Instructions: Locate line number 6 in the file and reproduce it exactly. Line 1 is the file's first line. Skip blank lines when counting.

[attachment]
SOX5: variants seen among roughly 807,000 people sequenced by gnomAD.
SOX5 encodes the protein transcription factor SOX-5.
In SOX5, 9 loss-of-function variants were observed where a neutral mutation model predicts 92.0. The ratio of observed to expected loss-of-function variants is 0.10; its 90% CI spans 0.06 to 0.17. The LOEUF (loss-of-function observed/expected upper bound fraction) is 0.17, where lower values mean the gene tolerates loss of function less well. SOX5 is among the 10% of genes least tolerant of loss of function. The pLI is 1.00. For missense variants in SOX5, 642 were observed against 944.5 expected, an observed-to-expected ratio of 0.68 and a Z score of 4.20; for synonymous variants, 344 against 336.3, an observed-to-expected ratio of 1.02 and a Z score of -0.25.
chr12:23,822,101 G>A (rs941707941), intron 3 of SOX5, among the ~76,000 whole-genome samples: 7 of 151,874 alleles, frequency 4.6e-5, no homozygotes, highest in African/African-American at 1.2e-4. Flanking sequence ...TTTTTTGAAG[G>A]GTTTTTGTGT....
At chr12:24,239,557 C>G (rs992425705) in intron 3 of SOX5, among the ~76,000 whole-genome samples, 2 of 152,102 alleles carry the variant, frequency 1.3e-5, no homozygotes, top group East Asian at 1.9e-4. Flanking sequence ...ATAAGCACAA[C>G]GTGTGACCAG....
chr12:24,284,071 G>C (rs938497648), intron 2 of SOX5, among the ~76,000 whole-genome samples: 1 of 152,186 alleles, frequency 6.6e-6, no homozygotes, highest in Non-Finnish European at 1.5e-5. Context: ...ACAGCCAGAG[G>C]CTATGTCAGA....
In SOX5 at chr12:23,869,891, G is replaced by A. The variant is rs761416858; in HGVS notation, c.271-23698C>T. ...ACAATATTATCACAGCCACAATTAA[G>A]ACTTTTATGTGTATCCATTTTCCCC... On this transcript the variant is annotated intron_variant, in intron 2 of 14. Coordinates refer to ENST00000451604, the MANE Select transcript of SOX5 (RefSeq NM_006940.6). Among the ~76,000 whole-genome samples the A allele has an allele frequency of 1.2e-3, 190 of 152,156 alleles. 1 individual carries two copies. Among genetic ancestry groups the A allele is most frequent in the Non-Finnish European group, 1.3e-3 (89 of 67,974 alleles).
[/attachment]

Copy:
chr12:24,284,071 G>C (rs938497648), intron 2 of SOX5, among the ~76,000 whole-genome samples: 1 of 152,186 alleles, frequency 6.6e-6, no homozygotes, highest in Non-Finnish European at 1.5e-5. Context: ...ACAGCCAGAG[G>C]CTATGTCAGA....